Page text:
Hacker groups and individual cybercriminals are seemingly choosing Telegram as a new alternative to dark web platforms.
According to findings made by cybersecurity experts, it turns out that sensitive data belonging to millions of users have already been shared on groups and Telegram channels that host thousands of people.
Researchers have reported that these hackers are taking advantage of Telegram features to leak as well as to host discussions about large data dumps that can potentially place a large number of victims in direct contact with hacking, cyber-attacks, and social-engineered fraud.
Further reports have shed light on the existence of a thriving illicit marketplace on Telegram where large categories of information were catalogued, including fake coronavirus vaccines, personally identifiable information (PII), stolen identities and malicious software.
Researchers managed to gain special access in witnessing actual illicit trade that occurs between various users and threat actors on Telegram. They came across hackers sharing large amounts of data across Telegram channels with more than 10,000 members. The same actors went on to discuss how the leaked data would be best employed in cyberattacks.
At this point, a lot of speculation has risen over the cybercriminal preference for Telegram over dark web markets. A quick analysis of past cybercriminal cases reveals the long-time monopoly that the darknet ecosystem has enjoyed within underground communities.
It turns out that a number of threat actors are shifting to Telegram to harness the long list of benefits that include privacy protection of users. This reality exists within the context of a lower entry barrier in contrast to the hidden web, and the fact that Telegram’s history of DDoS attacks does not match that of the much-prone dark web.
In addition, Telegram has not suffered the degree of law enforcement spotlight as that of the dark web. This aspect has attracted cybercriminal interest among threat actors that are looking to operate within the beck alleys of the internet.
The same reason reflects on the preference by relatively tech-disadvantaged cybercriminals that find dark web application to be too complex for their liking. Telegram seems to offer the best of both worlds.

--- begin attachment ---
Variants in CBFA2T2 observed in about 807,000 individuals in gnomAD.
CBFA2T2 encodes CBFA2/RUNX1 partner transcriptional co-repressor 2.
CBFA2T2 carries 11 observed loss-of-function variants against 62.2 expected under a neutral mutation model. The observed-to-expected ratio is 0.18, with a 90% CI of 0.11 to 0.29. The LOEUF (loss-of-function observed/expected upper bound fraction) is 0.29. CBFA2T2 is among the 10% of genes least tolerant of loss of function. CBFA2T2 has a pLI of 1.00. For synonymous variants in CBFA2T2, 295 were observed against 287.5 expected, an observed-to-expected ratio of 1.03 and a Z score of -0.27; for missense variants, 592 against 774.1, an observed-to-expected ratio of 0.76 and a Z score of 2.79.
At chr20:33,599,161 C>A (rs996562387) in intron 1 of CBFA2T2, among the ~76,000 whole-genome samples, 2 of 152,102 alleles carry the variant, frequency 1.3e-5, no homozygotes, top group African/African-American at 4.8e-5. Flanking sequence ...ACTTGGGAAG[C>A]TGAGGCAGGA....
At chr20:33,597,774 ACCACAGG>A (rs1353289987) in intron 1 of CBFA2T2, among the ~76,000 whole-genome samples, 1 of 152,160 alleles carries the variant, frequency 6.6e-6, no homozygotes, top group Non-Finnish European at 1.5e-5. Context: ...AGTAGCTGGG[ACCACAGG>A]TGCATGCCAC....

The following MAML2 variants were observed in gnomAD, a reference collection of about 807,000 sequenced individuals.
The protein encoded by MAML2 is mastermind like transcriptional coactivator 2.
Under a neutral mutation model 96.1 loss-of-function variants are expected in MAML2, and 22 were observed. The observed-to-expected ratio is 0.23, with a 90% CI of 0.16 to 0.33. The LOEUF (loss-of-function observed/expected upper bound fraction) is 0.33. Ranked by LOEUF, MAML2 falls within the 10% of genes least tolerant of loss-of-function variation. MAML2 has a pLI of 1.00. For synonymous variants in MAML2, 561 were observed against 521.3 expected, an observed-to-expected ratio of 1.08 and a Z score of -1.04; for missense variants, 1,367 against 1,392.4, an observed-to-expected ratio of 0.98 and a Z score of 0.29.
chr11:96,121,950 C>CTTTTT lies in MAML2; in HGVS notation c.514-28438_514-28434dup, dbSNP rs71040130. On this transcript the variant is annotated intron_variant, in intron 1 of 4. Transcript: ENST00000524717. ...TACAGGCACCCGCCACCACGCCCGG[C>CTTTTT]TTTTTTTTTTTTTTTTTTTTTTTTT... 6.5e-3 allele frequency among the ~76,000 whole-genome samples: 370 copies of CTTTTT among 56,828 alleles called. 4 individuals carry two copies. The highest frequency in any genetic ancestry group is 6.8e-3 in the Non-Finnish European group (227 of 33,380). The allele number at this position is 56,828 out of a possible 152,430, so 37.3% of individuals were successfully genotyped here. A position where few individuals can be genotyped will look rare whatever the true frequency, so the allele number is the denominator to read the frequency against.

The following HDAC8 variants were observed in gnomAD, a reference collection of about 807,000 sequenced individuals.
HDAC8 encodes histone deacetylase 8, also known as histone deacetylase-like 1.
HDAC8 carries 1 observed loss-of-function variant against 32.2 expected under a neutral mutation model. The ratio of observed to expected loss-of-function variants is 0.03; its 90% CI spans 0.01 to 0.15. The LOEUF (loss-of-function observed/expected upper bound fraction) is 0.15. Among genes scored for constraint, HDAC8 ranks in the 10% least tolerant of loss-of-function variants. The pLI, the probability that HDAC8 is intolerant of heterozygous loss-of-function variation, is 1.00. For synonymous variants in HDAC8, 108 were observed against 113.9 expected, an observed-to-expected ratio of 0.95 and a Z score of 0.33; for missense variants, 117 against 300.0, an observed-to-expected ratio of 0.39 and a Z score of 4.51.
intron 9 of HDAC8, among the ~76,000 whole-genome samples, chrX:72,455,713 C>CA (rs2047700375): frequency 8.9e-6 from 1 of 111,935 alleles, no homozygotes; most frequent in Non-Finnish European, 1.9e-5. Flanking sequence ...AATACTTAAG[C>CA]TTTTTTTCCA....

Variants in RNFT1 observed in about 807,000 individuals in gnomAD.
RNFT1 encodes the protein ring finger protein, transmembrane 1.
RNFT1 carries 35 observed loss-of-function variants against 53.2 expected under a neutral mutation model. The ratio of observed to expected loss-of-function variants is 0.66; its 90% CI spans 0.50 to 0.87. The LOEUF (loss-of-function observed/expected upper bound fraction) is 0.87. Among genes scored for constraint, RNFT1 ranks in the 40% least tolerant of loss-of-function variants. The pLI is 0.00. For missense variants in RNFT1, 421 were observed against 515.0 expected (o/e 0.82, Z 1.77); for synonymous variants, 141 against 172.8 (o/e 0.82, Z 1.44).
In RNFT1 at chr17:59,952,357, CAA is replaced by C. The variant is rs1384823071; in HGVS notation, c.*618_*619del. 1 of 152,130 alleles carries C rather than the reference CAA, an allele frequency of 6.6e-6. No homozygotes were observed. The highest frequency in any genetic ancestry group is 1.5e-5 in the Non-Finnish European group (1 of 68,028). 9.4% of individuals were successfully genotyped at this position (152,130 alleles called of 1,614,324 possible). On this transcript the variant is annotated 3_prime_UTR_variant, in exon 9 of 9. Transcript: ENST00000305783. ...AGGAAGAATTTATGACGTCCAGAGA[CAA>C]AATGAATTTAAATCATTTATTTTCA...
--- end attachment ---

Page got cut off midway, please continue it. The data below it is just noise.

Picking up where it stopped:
A Host of Other Illicit Applications
Cybersecurity experts insist that Telegram’s preference by cybercriminals must not go unchecked. A large number of past law enforcement activities have linked dark web-style criminal activities to Telegram corridors.
According to a recent report by NortonLifeLock, the black market community has been using Telegram as the go-to platform to conduct illicit commerce amid the COVID-19 pandemic. The list of items on sale range from coronavirus vaccines to drugs such as Remdesivir that are being sold peddled across various channels in spite of the looming global shortage.
The analysis by the global leader in consumer cyber safety went on to highlight the legitimate applications of Telegram, which mirror that of the dark web. It turns out that Telegram is among the apps that are being used by political dissidents to operate under the radar of authoritarian regimes – it has been used to organize pro-democracy protests in Hong Kong.
Telegram has also been used by criminals to perpetrate more serious crimes of modern slavery and child sex abuse. The shocking Nth Room scandal in South Korea affected about 74 underage victims who were forced to upload explicit materials of themselves into Telegram chatrooms. About 260,000 Telegram users accessed the chatrooms and paid for the child sex abuse material using cryptocurrency.
Additionally, in 2020, the Indian Central Bureau of Investigation (CBI) apprehended a man that has reportedly created 20 groups on Telegram, two of which were intended for the purpose of distributing and selling child sex abuse material to online users.